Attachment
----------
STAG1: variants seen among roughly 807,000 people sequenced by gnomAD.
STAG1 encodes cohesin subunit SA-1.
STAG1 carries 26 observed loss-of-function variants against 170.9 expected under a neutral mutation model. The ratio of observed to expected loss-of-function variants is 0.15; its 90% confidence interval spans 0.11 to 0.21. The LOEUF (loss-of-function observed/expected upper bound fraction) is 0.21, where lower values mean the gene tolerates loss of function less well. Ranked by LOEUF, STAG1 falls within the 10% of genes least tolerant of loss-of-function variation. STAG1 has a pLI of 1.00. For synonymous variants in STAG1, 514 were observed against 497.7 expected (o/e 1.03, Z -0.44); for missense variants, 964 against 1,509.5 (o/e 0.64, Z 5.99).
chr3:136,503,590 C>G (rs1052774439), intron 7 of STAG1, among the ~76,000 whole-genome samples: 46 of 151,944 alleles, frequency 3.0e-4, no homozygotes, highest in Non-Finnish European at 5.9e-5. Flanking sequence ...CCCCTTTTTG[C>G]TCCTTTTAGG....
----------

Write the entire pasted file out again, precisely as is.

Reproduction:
STAG1: variants seen among roughly 807,000 people sequenced by gnomAD.
STAG1 encodes cohesin subunit SA-1.
STAG1 carries 26 observed loss-of-function variants against 170.9 expected under a neutral mutation model. The ratio of observed to expected loss-of-function variants is 0.15; its 90% confidence interval spans 0.11 to 0.21. The LOEUF (loss-of-function observed/expected upper bound fraction) is 0.21, where lower values mean the gene tolerates loss of function less well. Ranked by LOEUF, STAG1 falls within the 10% of genes least tolerant of loss-of-function variation. STAG1 has a pLI of 1.00. For synonymous variants in STAG1, 514 were observed against 497.7 expected (o/e 1.03, Z -0.44); for missense variants, 964 against 1,509.5 (o/e 0.64, Z 5.99).
chr3:136,503,590 C>G (rs1052774439), intron 7 of STAG1, among the ~76,000 whole-genome samples: 46 of 151,944 alleles, frequency 3.0e-4, no homozygotes, highest in Non-Finnish European at 5.9e-5. Flanking sequence ...CCCCTTTTTG[C>G]TCCTTTTAGG....